In some cases it might happen that for the projection to localised orbitals a full d or f-shell has to be used. However, for the Anderson impurity problem, just a subset of the orbitals are needed. This is the case, e.g., when the projection leads to completely empty or full orbitals that you don’t want to include in the AIM.

For the example here, the local energy of the up_0 block (2 eV) is higher than that of the up_1 block (0.4 and 0.6 eV). Assuming that the chemical potential lies somewhere in the range of the up_1 block, we might restrict our calculation to only this up_1 block. The BlockStructure class includes methods to pick a subset or orbitals:

GF2 = BS.convert_gf(GF_sumk, space_from='sumk', space_to='solver')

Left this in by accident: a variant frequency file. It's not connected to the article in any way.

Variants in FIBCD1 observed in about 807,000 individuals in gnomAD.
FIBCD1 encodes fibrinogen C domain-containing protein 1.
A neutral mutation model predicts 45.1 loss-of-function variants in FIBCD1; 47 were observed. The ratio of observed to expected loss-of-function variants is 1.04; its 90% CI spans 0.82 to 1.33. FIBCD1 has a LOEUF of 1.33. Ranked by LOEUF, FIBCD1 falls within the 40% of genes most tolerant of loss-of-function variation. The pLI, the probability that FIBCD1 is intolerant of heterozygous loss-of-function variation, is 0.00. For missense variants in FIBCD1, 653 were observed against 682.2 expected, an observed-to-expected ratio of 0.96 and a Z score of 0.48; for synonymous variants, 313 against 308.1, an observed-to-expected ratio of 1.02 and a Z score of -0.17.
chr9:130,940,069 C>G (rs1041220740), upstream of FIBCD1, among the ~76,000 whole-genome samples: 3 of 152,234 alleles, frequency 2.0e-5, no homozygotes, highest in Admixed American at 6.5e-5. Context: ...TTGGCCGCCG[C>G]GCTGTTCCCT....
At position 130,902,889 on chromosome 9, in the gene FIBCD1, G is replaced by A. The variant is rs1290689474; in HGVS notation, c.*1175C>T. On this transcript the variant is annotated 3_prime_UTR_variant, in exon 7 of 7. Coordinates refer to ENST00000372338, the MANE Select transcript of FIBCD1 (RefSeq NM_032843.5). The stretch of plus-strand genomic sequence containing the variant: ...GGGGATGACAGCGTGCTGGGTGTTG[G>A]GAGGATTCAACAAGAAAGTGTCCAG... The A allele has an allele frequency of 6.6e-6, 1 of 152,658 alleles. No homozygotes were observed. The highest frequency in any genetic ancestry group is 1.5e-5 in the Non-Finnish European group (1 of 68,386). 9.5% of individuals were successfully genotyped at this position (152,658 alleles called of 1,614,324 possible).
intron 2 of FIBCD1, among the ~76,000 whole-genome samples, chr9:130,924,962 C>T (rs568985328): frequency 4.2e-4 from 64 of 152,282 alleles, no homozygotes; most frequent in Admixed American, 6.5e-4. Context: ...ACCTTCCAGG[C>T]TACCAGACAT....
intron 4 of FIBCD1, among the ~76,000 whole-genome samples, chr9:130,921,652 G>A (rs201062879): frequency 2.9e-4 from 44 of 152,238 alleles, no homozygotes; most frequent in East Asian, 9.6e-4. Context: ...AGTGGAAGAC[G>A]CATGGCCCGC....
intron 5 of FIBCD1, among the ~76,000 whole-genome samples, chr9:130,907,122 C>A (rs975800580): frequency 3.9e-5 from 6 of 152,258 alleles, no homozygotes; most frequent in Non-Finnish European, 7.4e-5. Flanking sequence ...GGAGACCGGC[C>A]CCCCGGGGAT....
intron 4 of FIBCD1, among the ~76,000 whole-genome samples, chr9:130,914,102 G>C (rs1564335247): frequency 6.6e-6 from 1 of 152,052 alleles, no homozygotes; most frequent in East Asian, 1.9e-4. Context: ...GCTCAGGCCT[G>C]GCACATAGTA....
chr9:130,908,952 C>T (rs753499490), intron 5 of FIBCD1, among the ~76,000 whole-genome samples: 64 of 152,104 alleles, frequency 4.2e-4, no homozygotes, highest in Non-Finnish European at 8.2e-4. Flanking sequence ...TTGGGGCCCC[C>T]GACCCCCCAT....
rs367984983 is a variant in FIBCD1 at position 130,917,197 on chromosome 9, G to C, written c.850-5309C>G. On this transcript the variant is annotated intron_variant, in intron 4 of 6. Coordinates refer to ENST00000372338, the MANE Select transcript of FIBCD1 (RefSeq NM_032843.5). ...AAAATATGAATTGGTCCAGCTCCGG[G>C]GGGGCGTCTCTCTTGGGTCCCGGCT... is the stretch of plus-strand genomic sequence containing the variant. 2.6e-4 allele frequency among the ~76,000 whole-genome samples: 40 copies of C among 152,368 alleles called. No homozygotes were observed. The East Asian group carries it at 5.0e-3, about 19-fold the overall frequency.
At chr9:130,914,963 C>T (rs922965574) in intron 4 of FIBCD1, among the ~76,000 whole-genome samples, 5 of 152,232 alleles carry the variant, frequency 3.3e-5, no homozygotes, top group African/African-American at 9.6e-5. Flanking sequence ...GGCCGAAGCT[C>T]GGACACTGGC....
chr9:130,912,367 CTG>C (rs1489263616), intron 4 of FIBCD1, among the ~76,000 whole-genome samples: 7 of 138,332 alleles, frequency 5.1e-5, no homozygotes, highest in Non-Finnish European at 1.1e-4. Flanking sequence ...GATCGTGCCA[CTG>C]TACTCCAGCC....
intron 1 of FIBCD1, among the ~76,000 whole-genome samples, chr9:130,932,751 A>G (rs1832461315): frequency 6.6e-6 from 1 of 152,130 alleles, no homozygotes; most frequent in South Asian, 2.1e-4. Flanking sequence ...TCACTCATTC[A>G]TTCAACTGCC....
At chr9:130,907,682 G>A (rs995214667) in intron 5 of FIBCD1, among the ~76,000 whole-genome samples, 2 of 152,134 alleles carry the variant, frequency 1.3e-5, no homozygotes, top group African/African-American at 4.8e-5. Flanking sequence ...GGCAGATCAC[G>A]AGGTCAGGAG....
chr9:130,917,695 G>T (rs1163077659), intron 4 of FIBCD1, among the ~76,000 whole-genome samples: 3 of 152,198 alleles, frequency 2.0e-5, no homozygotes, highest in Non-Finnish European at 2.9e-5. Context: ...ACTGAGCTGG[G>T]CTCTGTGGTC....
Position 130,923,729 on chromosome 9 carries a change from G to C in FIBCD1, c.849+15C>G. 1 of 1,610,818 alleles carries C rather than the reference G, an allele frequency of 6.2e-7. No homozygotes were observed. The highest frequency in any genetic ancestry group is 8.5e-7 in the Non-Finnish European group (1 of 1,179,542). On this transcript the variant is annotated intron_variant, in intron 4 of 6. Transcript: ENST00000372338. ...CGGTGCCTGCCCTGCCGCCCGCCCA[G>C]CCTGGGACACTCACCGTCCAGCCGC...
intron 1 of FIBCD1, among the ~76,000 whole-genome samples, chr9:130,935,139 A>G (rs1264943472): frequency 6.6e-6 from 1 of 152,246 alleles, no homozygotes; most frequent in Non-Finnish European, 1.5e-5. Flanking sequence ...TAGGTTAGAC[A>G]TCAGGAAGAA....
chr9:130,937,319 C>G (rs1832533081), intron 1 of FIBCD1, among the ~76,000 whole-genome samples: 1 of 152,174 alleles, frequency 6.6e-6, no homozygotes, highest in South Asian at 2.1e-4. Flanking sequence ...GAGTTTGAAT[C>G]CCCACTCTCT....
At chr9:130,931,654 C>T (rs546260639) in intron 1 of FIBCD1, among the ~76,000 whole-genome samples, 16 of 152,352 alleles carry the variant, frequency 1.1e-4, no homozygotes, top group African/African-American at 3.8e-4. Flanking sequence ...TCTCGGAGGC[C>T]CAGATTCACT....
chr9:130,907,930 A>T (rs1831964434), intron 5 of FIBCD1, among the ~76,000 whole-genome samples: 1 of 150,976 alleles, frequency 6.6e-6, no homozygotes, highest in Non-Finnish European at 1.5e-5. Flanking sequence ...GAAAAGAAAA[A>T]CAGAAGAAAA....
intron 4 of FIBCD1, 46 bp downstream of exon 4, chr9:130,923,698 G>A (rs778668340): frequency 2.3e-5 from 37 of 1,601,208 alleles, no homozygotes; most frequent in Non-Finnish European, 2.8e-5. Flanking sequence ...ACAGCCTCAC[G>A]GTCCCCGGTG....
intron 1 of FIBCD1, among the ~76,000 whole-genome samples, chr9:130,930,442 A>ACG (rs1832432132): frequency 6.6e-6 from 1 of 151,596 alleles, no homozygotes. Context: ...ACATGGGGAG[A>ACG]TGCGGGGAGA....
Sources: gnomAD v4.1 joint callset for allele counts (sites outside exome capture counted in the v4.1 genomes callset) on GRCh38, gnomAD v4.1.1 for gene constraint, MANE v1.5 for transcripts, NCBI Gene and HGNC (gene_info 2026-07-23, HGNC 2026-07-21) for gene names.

Now the Green’s function GF2 consists of only one 2x2 block, called up_1, as we have left out the up_0 block.

Basis rotations

In cases where the Greens function or the local Hamiltonian shows off diagonal entries in the chosen basis, it is often beneficial to rotate to a different basis. This is of particular interest when using a QMC solver, since off-diagonal contributions lead to a famous fermionic sign problem. The BlockStructure class includes methods to perform such basis rotations.

In our example, the local Hamiltonian is given by

\[\begin{split}\varepsilon_{mm'} = \begin{pmatrix} 2.0 & 0.0 & 0.0 \\0.0 & -0.5 & -0.1\\0.0 & -0.1 & -0.5 \end{pmatrix}\end{split}\]